The Trees Have Had It: Some Utterly Useless Reflections During a Pandemic

Exactly 48 hours ago, a massive weather event known as a derecho (pronounced de-ray-cho) ripped through my little corner of the world, in the northern most point of Chicago. That was exactly 12 hours after hundreds of folks looted stores in and around Chicago’s tony Magnificent Mile.

Mondays in the year of our Lordt 2020 are hard, but this past Monday in Chicago was excrutiatingly, wrenchingly, brutally, achingly hard. Next level stuff, folks.

This morning was bright, sunny and unscheduled, so I convinced the kids to check out Rogers Park with me, a sprawling city park full of soccer fields, tennis courts, a playground, baseball fields, and a perimeter of massive mature trees. After I learned yesterday on Twitter that there was an honest to goodness tornado smack dab in the middle of that derecho that clocked in with 110 mph winds and touched down in the park just three blocks from our home, we walked over to survey the damage. I was not prepared for what I saw.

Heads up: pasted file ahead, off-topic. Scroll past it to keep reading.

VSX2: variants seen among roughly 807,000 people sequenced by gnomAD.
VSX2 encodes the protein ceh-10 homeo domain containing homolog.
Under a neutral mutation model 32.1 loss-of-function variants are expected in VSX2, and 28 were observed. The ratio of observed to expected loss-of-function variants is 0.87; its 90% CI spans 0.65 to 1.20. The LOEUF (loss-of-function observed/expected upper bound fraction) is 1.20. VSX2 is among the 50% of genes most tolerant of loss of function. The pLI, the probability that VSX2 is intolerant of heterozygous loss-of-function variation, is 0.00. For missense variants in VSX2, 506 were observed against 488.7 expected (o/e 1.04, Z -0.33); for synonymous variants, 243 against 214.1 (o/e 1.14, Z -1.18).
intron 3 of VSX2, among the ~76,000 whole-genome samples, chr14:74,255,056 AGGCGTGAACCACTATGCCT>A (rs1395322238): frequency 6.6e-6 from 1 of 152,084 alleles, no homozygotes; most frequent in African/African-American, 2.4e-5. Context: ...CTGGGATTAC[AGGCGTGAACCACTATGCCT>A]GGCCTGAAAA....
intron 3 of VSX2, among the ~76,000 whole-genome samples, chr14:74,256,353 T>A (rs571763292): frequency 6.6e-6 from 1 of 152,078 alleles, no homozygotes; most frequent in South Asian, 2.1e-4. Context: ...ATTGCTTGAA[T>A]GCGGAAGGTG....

There is something visceral and profound when seeing what was once a collection of stately, dignified trees that, in a matter of minutes (seconds?) of devastating wind, have become uprooted and felled, no match for the cyclone that whipped through the neighborhood before circling out over Lake Michigan.

A hundred plus years of roots and growth are gone, violently, in an instant. It looked like arboreal hari kari writ large.

Walking through the fields, I had to watch carefully where I put my feet because the grass is strewn with roofing shingles, random pieces of what looks like dried insulation, metal remnants of street lights, and jagged branches that will smack you in the face if you step on them just so. A hurt and sadness grew in me in that grass, with my ginger steps working to avoid the botanic debris in every direction.